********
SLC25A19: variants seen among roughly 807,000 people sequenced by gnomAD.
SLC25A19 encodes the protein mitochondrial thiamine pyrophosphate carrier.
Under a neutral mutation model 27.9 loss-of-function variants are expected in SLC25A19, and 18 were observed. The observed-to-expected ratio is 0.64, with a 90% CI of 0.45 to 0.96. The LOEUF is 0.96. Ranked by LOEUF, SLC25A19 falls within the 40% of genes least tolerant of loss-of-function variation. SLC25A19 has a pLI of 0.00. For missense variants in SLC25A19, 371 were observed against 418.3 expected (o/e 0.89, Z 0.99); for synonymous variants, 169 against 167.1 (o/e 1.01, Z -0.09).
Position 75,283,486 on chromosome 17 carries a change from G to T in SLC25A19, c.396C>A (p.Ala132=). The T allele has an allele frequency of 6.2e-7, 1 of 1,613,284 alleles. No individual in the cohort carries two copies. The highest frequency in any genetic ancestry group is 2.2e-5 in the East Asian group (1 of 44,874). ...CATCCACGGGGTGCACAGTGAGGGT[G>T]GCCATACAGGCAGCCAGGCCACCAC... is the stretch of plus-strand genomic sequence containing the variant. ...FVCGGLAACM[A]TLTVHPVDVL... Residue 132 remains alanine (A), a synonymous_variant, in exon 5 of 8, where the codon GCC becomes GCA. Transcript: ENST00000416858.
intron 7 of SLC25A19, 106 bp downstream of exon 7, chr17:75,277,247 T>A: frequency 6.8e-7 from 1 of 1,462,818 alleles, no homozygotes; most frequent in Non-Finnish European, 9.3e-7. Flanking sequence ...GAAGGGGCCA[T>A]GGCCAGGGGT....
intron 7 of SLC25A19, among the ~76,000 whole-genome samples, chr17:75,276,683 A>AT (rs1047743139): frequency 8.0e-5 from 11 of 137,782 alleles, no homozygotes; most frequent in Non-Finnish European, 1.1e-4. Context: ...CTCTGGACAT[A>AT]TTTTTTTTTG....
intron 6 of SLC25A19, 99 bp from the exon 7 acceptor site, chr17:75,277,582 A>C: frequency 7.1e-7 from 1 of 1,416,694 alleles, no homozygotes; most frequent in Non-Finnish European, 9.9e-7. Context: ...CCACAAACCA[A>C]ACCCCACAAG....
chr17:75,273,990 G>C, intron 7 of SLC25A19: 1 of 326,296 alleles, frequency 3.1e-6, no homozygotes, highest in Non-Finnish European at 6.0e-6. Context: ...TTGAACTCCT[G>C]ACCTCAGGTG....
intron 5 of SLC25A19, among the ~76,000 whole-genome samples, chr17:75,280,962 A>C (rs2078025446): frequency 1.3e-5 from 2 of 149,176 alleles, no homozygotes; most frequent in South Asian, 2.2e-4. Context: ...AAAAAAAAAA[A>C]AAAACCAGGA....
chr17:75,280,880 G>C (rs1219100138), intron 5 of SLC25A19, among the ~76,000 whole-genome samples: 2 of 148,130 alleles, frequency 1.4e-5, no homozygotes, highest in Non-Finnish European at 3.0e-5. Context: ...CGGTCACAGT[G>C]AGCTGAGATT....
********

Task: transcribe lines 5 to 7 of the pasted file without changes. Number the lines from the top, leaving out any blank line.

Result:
intron 7 of SLC25A19, 106 bp downstream of exon 7, chr17:75,277,247 T>A: frequency 6.8e-7 from 1 of 1,462,818 alleles, no homozygotes; most frequent in Non-Finnish European, 9.3e-7. Flanking sequence ...GAAGGGGCCA[T>A]GGCCAGGGGT....
intron 7 of SLC25A19, among the ~76,000 whole-genome samples, chr17:75,276,683 A>AT (rs1047743139): frequency 8.0e-5 from 11 of 137,782 alleles, no homozygotes; most frequent in Non-Finnish European, 1.1e-4. Context: ...CTCTGGACAT[A>AT]TTTTTTTTTG....
intron 6 of SLC25A19, 99 bp from the exon 7 acceptor site, chr17:75,277,582 A>C: frequency 7.1e-7 from 1 of 1,416,694 alleles, no homozygotes; most frequent in Non-Finnish European, 9.9e-7. Context: ...CCACAAACCA[A>C]ACCCCACAAG....